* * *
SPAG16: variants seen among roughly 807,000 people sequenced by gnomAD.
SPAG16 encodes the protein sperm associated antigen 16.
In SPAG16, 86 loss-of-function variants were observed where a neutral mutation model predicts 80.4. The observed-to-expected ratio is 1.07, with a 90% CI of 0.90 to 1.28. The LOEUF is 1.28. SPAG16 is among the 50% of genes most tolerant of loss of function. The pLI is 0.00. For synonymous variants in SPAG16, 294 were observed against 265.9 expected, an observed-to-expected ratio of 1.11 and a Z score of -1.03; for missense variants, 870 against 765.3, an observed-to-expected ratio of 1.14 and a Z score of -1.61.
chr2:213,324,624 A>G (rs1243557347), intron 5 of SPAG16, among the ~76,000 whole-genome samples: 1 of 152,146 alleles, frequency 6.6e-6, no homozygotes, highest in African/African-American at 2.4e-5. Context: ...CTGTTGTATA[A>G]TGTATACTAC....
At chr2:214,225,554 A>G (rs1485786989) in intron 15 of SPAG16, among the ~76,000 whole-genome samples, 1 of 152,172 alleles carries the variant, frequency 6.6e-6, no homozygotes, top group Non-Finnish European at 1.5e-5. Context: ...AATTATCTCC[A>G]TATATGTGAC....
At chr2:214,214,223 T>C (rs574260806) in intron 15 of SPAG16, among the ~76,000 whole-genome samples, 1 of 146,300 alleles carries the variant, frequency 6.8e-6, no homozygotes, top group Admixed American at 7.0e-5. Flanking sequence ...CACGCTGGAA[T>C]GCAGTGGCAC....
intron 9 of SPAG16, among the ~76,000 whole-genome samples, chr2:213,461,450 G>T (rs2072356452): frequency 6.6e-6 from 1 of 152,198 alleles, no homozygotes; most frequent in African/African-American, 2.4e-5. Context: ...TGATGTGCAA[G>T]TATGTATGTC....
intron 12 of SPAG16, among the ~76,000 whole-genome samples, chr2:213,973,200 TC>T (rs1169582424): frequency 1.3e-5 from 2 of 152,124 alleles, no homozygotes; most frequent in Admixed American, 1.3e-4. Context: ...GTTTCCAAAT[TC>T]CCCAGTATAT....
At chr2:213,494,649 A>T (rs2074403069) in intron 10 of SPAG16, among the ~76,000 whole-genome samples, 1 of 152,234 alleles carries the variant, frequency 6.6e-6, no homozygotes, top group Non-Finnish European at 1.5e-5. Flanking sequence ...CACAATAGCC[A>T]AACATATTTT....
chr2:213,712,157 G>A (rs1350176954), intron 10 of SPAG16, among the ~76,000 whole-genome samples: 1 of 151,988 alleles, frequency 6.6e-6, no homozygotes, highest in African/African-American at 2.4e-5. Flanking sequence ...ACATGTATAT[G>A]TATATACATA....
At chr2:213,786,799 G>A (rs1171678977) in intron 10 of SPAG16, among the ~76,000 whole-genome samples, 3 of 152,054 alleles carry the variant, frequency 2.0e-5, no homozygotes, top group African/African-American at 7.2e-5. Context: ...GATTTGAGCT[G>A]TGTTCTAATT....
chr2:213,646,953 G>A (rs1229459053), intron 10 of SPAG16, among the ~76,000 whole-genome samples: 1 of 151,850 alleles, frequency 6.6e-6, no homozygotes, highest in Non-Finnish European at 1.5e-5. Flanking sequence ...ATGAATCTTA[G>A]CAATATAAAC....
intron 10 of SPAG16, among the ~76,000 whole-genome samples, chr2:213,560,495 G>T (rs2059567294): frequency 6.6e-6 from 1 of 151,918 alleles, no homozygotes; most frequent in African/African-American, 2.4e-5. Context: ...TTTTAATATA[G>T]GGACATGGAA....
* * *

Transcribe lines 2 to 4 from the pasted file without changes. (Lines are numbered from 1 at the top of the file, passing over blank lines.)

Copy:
SPAG16 encodes the protein sperm associated antigen 16.
In SPAG16, 86 loss-of-function variants were observed where a neutral mutation model predicts 80.4. The observed-to-expected ratio is 1.07, with a 90% CI of 0.90 to 1.28. The LOEUF is 1.28. SPAG16 is among the 50% of genes most tolerant of loss of function. The pLI is 0.00. For synonymous variants in SPAG16, 294 were observed against 265.9 expected, an observed-to-expected ratio of 1.11 and a Z score of -1.03; for missense variants, 870 against 765.3, an observed-to-expected ratio of 1.14 and a Z score of -1.61.
chr2:213,324,624 A>G (rs1243557347), intron 5 of SPAG16, among the ~76,000 whole-genome samples: 1 of 152,146 alleles, frequency 6.6e-6, no homozygotes, highest in African/African-American at 2.4e-5. Context: ...CTGTTGTATA[A>G]TGTATACTAC....